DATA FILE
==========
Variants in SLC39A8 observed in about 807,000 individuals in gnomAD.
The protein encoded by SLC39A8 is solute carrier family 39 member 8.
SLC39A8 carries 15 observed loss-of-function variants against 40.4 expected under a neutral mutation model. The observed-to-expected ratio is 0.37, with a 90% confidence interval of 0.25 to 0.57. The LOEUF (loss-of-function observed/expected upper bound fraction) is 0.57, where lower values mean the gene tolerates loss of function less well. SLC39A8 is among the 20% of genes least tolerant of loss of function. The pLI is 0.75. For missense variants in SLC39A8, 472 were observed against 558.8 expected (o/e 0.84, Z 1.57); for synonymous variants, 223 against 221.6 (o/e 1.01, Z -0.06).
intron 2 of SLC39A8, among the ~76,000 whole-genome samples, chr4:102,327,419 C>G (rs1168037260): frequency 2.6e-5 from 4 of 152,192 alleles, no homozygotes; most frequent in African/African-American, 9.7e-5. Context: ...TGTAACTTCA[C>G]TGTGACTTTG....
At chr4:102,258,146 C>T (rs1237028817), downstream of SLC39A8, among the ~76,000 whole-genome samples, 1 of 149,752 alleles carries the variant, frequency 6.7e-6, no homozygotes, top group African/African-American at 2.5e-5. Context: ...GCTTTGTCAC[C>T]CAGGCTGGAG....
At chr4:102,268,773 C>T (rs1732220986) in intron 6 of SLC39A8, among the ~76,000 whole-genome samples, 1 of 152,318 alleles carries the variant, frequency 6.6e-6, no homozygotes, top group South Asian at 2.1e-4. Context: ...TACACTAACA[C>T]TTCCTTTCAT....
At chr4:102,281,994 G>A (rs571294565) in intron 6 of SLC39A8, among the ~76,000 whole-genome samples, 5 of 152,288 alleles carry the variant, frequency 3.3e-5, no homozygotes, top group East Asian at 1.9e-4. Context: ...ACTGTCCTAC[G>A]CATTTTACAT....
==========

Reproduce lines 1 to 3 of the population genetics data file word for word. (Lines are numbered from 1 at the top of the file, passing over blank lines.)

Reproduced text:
Variants in SLC39A8 observed in about 807,000 individuals in gnomAD.
The protein encoded by SLC39A8 is solute carrier family 39 member 8.
SLC39A8 carries 15 observed loss-of-function variants against 40.4 expected under a neutral mutation model. The observed-to-expected ratio is 0.37, with a 90% confidence interval of 0.25 to 0.57. The LOEUF (loss-of-function observed/expected upper bound fraction) is 0.57, where lower values mean the gene tolerates loss of function less well. SLC39A8 is among the 20% of genes least tolerant of loss of function. The pLI is 0.75. For missense variants in SLC39A8, 472 were observed against 558.8 expected (o/e 0.84, Z 1.57); for synonymous variants, 223 against 221.6 (o/e 1.01, Z -0.06).